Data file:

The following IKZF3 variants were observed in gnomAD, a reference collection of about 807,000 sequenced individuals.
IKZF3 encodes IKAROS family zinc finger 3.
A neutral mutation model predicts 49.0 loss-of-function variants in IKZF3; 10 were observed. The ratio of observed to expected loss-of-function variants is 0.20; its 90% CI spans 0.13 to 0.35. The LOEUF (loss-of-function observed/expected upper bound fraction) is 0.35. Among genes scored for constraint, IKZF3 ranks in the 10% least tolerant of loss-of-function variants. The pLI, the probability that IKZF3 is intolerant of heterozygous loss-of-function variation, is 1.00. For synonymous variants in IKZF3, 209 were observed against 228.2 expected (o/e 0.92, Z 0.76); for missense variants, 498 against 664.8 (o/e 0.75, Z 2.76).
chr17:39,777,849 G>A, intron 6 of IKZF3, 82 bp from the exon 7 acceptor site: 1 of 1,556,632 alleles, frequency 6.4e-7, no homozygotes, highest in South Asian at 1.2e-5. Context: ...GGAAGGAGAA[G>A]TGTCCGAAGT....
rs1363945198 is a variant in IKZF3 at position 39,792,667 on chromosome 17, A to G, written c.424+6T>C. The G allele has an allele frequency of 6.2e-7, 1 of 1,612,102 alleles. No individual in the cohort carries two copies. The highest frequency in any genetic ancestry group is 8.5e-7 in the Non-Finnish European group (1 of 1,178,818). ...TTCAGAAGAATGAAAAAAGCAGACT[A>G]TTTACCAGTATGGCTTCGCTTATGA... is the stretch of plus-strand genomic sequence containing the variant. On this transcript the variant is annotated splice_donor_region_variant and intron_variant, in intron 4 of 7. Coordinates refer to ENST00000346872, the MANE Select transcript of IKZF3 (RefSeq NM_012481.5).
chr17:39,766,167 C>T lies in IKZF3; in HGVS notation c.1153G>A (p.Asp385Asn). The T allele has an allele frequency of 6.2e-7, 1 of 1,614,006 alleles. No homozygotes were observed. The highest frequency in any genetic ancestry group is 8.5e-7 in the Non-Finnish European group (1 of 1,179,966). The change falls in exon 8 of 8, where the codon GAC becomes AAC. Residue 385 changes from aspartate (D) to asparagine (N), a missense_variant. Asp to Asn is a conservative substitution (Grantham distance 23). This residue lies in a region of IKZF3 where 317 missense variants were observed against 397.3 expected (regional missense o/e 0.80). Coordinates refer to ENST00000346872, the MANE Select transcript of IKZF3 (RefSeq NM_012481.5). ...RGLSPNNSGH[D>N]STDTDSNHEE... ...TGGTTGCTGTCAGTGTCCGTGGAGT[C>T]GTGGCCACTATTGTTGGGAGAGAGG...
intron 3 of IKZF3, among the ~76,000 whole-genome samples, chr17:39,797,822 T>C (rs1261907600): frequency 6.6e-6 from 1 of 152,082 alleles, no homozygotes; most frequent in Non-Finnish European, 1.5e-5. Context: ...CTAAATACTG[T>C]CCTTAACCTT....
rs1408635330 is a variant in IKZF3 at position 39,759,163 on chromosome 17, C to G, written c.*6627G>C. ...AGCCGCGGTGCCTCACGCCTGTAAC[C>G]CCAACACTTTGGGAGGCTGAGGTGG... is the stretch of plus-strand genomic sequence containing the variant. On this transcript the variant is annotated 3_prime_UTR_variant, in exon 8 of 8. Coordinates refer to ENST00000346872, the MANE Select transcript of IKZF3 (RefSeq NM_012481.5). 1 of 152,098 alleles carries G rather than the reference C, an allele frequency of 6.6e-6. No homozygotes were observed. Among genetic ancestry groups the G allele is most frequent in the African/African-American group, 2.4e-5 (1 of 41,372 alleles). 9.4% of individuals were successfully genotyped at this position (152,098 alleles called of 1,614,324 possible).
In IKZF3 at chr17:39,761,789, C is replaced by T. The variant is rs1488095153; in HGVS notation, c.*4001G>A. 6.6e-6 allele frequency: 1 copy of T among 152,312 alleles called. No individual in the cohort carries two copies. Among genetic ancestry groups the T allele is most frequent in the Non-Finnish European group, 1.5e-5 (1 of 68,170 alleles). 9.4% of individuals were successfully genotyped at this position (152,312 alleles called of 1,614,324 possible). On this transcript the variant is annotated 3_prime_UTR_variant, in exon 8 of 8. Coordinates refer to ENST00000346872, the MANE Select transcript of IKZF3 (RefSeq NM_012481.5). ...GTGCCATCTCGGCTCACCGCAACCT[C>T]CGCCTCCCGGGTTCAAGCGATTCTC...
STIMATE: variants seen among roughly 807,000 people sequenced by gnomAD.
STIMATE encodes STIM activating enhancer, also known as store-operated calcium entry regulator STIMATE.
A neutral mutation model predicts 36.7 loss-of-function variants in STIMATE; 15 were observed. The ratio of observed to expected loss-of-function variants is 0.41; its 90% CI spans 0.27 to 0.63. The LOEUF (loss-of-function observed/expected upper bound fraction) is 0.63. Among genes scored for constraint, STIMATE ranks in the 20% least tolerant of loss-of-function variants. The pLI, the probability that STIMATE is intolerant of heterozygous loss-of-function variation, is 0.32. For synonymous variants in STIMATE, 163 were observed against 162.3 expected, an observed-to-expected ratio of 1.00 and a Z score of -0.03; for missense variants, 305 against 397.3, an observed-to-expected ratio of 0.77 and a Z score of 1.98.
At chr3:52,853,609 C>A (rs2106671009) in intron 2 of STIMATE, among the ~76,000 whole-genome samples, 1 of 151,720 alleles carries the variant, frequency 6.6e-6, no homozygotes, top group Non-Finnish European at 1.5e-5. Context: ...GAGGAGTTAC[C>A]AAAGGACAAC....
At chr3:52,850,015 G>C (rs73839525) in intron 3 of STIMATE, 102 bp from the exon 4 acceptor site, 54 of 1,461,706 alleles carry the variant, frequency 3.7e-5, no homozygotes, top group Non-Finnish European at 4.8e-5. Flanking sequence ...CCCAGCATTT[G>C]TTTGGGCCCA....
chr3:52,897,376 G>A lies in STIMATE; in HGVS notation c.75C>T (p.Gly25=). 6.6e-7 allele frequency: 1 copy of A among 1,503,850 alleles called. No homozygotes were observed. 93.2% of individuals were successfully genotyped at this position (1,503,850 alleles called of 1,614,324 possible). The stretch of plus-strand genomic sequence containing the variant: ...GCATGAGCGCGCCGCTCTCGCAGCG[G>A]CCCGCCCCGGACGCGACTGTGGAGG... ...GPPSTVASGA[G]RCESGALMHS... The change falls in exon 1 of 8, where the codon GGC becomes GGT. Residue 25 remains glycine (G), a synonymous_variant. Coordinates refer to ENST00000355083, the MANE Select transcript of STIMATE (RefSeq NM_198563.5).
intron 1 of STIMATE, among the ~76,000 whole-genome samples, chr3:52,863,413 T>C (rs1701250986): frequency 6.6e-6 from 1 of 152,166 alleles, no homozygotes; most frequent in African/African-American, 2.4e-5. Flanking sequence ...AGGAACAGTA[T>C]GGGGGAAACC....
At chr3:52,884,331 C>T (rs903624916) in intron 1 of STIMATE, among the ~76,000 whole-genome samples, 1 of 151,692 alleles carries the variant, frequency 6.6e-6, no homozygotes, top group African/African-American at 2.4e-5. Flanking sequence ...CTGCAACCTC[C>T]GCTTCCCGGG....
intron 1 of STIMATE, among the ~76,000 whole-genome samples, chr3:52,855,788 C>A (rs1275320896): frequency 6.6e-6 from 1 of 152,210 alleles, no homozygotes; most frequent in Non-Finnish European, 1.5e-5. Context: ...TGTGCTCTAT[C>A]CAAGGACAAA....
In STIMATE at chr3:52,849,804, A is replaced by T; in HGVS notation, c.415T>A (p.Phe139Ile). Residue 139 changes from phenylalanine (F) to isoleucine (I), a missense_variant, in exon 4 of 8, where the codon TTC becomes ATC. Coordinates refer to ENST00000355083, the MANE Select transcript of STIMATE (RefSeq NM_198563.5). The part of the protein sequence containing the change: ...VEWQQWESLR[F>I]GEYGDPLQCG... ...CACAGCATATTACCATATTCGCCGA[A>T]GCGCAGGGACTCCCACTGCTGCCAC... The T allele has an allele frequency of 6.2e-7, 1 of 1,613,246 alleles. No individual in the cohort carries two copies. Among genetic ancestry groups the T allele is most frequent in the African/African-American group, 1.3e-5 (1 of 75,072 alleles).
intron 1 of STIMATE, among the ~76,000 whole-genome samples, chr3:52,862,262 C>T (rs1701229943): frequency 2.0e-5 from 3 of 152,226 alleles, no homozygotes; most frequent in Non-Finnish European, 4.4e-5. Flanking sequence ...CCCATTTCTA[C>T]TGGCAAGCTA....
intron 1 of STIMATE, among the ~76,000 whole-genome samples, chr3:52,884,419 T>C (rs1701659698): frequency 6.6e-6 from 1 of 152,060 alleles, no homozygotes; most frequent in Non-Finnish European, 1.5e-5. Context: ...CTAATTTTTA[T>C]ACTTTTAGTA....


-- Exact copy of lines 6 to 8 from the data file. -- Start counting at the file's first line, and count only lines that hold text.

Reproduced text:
chr17:39,766,167 C>T lies in IKZF3; in HGVS notation c.1153G>A (p.Asp385Asn). The T allele has an allele frequency of 6.2e-7, 1 of 1,614,006 alleles. No homozygotes were observed. The highest frequency in any genetic ancestry group is 8.5e-7 in the Non-Finnish European group (1 of 1,179,966). The change falls in exon 8 of 8, where the codon GAC becomes AAC. Residue 385 changes from aspartate (D) to asparagine (N), a missense_variant. Asp to Asn is a conservative substitution (Grantham distance 23). This residue lies in a region of IKZF3 where 317 missense variants were observed against 397.3 expected (regional missense o/e 0.80). Coordinates refer to ENST00000346872, the MANE Select transcript of IKZF3 (RefSeq NM_012481.5). ...RGLSPNNSGH[D>N]STDTDSNHEE... ...TGGTTGCTGTCAGTGTCCGTGGAGT[C>T]GTGGCCACTATTGTTGGGAGAGAGG...
intron 3 of IKZF3, among the ~76,000 whole-genome samples, chr17:39,797,822 T>C (rs1261907600): frequency 6.6e-6 from 1 of 152,082 alleles, no homozygotes; most frequent in Non-Finnish European, 1.5e-5. Context: ...CTAAATACTG[T>C]CCTTAACCTT....
rs1408635330 is a variant in IKZF3 at position 39,759,163 on chromosome 17, C to G, written c.*6627G>C. ...AGCCGCGGTGCCTCACGCCTGTAAC[C>G]CCAACACTTTGGGAGGCTGAGGTGG... is the stretch of plus-strand genomic sequence containing the variant. On this transcript the variant is annotated 3_prime_UTR_variant, in exon 8 of 8. Coordinates refer to ENST00000346872, the MANE Select transcript of IKZF3 (RefSeq NM_012481.5). 1 of 152,098 alleles carries G rather than the reference C, an allele frequency of 6.6e-6. No homozygotes were observed. Among genetic ancestry groups the G allele is most frequent in the African/African-American group, 2.4e-5 (1 of 41,372 alleles). 9.4% of individuals were successfully genotyped at this position (152,098 alleles called of 1,614,324 possible).